The Craft over Art Apprenticeship Pattern describes how despite us as software developers wanting to make artistic code, we must always prioritize utility over artistry. It is important to make code that serves its purpose over code that is technically challenging or code that has extra features. If we aren’t meeting what our customers want then we are no longer craftsmen.
I think that this pattern is pretty important to keep in mind. I often find myself trying to make code that is interesting or that I think will do a better job than what I am being asked to do, but this sort of over-engineering is not what isn’t what I am being asked to do. Despite wanting to do what I find more fun, the needs of the assignment or customer come first. Function over form. Most of my friends are artists, and my dad is an artisan over being a craftsman, so to me, this isn’t something that comes naturally. Moving forward, I need to make sure to keep in mind that what the customer is asking for is what they want, not what I think would be better. I really liked the emphasis that they put on utility as being paramount. Something that is technologically brilliant but has no utility is ultimately not the job of a craftsman, and not really what we should be looking for as software apprentices. They aren’t saying that we shouldn’t still strive for beauty though, which I am sure I will never quite be able to shake, but just that we need to prioritize the function. I think that this mindset will serve anyone well, especially in this profession. People that can’t listen to what the customer wants won’t last long in any professional field.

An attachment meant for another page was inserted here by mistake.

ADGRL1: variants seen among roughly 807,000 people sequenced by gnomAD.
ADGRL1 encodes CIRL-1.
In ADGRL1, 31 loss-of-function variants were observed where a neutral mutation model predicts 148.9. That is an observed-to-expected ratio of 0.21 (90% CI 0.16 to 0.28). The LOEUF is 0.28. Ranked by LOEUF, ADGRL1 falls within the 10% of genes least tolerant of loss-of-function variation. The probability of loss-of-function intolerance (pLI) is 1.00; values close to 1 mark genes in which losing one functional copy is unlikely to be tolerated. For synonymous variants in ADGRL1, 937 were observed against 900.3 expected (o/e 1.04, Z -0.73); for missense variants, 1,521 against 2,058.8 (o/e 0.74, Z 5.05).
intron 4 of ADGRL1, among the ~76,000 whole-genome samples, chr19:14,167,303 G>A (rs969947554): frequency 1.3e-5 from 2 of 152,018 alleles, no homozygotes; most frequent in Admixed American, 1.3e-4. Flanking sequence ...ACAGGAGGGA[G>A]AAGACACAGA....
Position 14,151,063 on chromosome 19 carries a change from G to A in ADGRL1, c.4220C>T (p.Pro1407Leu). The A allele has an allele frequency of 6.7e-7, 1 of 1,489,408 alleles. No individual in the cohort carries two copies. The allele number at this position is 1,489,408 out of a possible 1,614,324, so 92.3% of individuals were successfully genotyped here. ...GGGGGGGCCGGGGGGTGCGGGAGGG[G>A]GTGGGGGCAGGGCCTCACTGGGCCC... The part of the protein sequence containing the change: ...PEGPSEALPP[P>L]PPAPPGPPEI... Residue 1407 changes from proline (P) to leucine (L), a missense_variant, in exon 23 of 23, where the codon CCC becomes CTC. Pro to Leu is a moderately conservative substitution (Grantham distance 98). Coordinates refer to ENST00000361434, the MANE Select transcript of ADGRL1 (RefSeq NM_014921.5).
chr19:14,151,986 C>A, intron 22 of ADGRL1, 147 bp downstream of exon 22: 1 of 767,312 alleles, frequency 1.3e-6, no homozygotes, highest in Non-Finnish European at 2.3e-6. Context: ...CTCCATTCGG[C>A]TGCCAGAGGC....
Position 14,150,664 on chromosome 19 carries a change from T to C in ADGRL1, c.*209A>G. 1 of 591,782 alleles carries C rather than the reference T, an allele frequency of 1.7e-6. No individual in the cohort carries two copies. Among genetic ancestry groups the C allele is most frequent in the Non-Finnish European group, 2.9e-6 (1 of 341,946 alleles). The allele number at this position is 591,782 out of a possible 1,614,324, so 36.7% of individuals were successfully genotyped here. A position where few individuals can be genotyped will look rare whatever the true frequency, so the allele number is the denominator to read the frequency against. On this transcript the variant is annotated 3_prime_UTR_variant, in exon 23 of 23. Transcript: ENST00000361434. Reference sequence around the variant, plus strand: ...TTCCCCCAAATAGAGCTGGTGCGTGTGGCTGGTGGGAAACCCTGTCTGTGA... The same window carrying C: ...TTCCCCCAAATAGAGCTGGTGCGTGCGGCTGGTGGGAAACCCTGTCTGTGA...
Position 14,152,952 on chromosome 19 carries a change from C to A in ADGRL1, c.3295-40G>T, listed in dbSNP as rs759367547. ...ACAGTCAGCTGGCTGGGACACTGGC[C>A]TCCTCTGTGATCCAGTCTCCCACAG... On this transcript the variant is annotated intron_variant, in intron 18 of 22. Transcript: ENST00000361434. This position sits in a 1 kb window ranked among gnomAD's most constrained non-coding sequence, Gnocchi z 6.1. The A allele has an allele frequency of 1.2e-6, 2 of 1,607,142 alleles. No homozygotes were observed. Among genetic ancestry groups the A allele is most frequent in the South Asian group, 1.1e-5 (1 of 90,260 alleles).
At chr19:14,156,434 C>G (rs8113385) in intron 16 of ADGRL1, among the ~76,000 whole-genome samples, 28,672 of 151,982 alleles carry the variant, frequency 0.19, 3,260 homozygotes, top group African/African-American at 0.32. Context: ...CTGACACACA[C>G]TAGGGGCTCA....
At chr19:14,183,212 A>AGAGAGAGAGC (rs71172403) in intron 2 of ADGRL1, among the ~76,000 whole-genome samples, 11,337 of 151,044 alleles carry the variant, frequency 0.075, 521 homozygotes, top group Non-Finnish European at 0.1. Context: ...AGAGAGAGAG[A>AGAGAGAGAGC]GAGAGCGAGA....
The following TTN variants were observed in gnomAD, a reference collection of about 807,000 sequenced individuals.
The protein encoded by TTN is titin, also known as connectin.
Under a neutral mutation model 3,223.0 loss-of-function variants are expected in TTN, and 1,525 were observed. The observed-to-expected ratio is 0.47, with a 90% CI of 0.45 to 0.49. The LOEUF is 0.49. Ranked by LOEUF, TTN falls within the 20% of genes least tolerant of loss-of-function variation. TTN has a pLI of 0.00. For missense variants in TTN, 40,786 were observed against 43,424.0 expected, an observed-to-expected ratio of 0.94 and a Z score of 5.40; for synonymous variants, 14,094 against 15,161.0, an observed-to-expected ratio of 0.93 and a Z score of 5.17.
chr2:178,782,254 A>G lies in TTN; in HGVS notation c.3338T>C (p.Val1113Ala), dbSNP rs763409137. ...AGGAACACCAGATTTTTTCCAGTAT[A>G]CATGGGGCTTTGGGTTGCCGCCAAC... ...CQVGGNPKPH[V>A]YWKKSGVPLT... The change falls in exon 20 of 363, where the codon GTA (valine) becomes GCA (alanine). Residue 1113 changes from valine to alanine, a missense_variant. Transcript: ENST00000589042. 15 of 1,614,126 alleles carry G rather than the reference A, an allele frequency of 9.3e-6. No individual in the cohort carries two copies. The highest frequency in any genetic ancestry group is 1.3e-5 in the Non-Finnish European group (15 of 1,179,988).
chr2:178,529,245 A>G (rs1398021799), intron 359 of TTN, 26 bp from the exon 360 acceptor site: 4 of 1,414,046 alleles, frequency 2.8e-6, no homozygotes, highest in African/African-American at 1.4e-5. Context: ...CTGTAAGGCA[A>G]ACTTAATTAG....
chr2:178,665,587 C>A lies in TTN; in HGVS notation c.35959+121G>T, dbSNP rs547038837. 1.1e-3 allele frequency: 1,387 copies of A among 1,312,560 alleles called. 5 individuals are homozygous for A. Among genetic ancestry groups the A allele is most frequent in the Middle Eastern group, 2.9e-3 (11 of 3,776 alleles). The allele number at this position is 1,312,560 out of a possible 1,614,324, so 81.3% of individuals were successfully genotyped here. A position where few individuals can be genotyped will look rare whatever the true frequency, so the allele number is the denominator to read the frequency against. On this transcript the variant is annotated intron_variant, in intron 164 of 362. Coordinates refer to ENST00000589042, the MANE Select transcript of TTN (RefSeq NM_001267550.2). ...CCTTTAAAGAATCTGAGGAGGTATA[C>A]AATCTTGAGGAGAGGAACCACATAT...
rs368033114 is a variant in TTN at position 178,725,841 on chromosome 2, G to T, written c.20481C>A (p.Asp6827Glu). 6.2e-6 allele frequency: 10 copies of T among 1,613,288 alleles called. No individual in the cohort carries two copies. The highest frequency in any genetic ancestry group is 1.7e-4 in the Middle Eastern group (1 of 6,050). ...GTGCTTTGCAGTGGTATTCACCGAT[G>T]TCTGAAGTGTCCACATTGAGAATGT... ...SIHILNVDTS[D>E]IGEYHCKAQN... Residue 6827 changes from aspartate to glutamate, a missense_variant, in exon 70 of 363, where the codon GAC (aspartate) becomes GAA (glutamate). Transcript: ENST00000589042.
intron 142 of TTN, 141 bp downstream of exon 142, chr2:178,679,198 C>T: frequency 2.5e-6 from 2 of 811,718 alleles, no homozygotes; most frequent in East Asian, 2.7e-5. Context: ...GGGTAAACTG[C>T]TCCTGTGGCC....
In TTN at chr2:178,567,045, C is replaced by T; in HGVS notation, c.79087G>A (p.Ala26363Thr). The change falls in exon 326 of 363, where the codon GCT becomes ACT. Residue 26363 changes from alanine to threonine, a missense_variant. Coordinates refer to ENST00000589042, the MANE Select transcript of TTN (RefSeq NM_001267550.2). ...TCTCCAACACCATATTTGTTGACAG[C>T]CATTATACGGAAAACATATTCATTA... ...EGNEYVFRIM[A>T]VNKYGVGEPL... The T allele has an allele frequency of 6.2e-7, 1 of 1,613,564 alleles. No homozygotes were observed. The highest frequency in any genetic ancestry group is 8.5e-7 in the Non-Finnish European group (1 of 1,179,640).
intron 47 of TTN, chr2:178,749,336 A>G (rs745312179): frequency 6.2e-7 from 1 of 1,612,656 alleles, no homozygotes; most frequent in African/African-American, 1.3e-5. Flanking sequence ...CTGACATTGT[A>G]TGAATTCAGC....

I do disagree with the idea that all software must be crafted for utility though. Technologically brilliant software, beautiful software, has a place and is ultimately important to the future of this profession. If developers never thought out of the box to create something truly amazing, we’d still be living in the dark ages. But I do agree with the overall point of function over form. Even in that mindset, however, I think that we should take creative liberties when it is appropriate, and allow ourselves to be shown in our work. Much like the world without art, code without beauty is miserable.